In O My America!, the travel writer and biographer Sara Wheeler embarks on a journey across the United States, guided by the adventures of six women who reinvented themselves as they chased the frontier west.
Wheeler's career has propelled her from pole to pole—camping in Arctic igloos, tracking Indian elephants, contemplating East African swamps so hot that toads explode—but as she stared down the uncharted territory of middle age, she found herself in need of a guide. "Fifty is a tough age," she writes. "Role models are scarce for women contemplating a second act." Scarce, that is, until she stumbled upon Fanny Trollope.
In 1827, Fanny, mother of Anthony, swapped England for Ohio with hopes of bolstering the family finances. There, failure and disappointment hounded the immigrant for three years before she returned home to write one of the most sensational travel accounts of the nineteenth century. Domestic Manners of the Americans made an instant splash on both sides of the Atlantic, where readers both relished and reviled Trollope's caustic take on the newly independent country. Her legacy became the stuff of legend: "Trollopize" emerged as a verb meaning "to abuse the American nation"; Mark Twain judged her the best foreign commentator on his country; the last king of France threw a ball in her honor. Fanny Trollope was forty-nine when she set out for America, and Wheeler, approaching fifty herself, was smitten. Fanny was living proof of life after fertility, and she led Wheeler to other trailblazers: the actress and abolitionist Fanny Kemble, the radical sociologist Harriet Martineau, the homesteader Rebecca Burlend, the traveler Isabella Bird, and the novelist Catherine Hubback—women born within half a century of one another who all reinvented themselves in a transforming America, the land of new beginnings.
In O My America!, Wheeler tracks her subjects from the Mississippi to the cinder cones of the Mayacamas at the tail end of the Cascades, armed with two sets of maps for each adventure: one current and one the women before her would have used. Bright, spirited, and tremendous tantrum-throwers, these ladies proved to be the best travel companion Wheeler could have asked for. "I had more fun writing this book than all my previous books put together," she writes—and it shows. Ambitious and full of life, O My America! is not only a great writer's reckoning with a young country, but also an exuberant tribute to fresh starts, second acts, and six unstoppable women.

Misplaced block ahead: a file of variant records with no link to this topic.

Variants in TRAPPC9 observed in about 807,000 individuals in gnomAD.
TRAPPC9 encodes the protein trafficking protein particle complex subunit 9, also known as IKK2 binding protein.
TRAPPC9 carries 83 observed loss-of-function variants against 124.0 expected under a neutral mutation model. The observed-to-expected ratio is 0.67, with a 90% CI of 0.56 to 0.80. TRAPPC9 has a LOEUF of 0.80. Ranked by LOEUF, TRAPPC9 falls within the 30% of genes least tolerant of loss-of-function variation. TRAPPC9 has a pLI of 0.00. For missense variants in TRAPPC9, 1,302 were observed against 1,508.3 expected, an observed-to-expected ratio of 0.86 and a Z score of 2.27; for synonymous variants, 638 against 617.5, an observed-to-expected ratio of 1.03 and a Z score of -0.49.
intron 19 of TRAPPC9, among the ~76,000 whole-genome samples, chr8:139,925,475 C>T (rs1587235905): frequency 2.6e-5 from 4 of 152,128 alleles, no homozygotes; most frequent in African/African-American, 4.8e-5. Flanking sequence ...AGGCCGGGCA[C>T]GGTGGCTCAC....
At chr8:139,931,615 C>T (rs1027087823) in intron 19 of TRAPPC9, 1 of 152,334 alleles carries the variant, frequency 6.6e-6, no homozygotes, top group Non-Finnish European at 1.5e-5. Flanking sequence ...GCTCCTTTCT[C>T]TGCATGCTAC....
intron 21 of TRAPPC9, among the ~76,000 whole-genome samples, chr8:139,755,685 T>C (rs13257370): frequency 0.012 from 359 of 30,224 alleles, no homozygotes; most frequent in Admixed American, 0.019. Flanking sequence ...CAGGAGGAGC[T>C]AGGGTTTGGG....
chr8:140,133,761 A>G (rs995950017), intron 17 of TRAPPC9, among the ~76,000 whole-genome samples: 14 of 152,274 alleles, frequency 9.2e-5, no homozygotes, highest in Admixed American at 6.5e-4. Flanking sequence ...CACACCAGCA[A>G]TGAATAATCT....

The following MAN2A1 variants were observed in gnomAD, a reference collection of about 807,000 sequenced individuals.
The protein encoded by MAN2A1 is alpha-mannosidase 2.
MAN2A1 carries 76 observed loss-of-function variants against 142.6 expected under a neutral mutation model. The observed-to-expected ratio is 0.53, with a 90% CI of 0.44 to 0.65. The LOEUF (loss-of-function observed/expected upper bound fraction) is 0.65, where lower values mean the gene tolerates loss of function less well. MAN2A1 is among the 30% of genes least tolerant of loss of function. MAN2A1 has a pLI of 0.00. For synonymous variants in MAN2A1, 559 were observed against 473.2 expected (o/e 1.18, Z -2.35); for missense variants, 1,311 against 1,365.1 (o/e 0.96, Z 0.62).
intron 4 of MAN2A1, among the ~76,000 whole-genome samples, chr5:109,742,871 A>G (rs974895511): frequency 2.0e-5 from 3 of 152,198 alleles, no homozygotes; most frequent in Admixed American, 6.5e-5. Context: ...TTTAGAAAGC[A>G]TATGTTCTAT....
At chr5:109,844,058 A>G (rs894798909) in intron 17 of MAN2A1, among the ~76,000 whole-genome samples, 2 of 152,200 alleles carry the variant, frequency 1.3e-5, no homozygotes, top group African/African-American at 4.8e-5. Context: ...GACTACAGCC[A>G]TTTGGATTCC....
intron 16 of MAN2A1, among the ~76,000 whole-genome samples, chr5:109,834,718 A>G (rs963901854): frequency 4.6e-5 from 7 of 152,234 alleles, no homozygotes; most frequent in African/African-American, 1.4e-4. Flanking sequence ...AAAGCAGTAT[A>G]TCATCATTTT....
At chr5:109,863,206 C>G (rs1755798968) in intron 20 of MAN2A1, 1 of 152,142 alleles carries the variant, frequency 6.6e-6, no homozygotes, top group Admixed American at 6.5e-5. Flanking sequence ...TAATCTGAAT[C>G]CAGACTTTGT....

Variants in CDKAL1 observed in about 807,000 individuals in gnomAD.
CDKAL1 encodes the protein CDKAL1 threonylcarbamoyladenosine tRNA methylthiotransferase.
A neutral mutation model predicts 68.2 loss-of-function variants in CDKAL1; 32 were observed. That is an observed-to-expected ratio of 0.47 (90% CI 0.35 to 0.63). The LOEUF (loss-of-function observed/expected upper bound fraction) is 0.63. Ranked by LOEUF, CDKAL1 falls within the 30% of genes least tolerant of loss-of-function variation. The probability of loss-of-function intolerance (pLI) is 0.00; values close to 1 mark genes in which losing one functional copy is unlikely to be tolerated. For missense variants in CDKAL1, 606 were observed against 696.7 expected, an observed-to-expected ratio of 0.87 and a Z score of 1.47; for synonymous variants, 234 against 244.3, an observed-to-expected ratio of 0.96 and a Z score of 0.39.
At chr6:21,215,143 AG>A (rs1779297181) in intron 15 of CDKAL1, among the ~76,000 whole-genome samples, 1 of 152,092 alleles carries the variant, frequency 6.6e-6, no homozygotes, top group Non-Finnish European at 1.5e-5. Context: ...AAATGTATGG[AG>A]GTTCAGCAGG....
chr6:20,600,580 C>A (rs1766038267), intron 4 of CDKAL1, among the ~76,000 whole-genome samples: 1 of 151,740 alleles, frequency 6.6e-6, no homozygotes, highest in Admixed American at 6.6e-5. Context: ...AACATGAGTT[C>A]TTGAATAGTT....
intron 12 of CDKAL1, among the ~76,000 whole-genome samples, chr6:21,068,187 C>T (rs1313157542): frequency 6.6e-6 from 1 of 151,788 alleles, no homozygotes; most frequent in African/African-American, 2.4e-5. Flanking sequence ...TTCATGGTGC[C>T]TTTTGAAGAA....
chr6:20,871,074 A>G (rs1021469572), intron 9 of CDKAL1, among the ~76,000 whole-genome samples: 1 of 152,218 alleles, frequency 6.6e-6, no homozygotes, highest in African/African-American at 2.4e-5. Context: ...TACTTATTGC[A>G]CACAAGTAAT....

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Wheeler’s gift for biography is strong, and despite occasional wanderings from the trail, the author ably captures these women and their travels.Read Full Review of O, My America!: Second Acts i... | See more reviews from Kirkus
The narrative includes detours into American history and minibiographies of male icons, including Erskine Caldwell, Al Cap, Buffalo Bill Cody, and John Steinbeck. Wheeler’s parallel travelogue distracts enough to seem self-indulgent but is too fragmentary to add much insight.Read Full Review of O, My America!: Second Acts i... | See more reviews from Publishers Weekly
The two Fannys merit the longest chapters. Wheeler finds Trollope to have a “voice that sings” from the pages of the often peppery “Domestic Manners,” and she relishes the opportunity to detail her subject’s extravagant failures...Read Full Review of O, My America!: Second Acts i... | See more reviews from NY Times
All these women were, in their way, pioneers, and Wheeler is acutely sensitive to how each redrew their boundaries, staking a claim to more than society was inclined to give.Read Full Review of O, My America!: Second Acts i... | See more reviews from Guardian
Wheeler is consistently deft both at conveying atmosphere and character.Read Full Review of O, My America!: Second Acts i... | See more reviews from Guardian
She greeted her 50th birthday in a motel in California's Mayacamas Mountains, reflecting on the lessons her subjects had taught her...Few would disagree with the conclusions of this highly enjoyable book: that the "last grey chapter" of life has to be faced with boundless courage and that reinvention is devoutly to be desired.Read Full Review of O, My America!: Second Acts i... | See more reviews from WSJ online
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